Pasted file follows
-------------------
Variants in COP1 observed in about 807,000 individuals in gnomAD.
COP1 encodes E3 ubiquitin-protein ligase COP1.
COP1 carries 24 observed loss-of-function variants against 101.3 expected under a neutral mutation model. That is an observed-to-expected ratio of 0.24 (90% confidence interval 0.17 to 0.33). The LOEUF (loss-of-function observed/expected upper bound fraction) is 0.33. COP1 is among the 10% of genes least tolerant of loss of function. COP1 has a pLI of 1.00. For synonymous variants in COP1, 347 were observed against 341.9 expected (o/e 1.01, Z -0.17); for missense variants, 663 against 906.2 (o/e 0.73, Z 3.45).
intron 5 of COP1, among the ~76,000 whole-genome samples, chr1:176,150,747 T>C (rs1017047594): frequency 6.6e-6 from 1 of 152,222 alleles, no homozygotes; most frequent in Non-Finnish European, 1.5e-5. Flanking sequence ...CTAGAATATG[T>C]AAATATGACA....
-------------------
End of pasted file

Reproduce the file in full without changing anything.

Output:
Variants in COP1 observed in about 807,000 individuals in gnomAD.
COP1 encodes E3 ubiquitin-protein ligase COP1.
COP1 carries 24 observed loss-of-function variants against 101.3 expected under a neutral mutation model. That is an observed-to-expected ratio of 0.24 (90% confidence interval 0.17 to 0.33). The LOEUF (loss-of-function observed/expected upper bound fraction) is 0.33. COP1 is among the 10% of genes least tolerant of loss of function. COP1 has a pLI of 1.00. For synonymous variants in COP1, 347 were observed against 341.9 expected (o/e 1.01, Z -0.17); for missense variants, 663 against 906.2 (o/e 0.73, Z 3.45).
intron 5 of COP1, among the ~76,000 whole-genome samples, chr1:176,150,747 T>C (rs1017047594): frequency 6.6e-6 from 1 of 152,222 alleles, no homozygotes; most frequent in Non-Finnish European, 1.5e-5. Flanking sequence ...CTAGAATATG[T>C]AAATATGACA....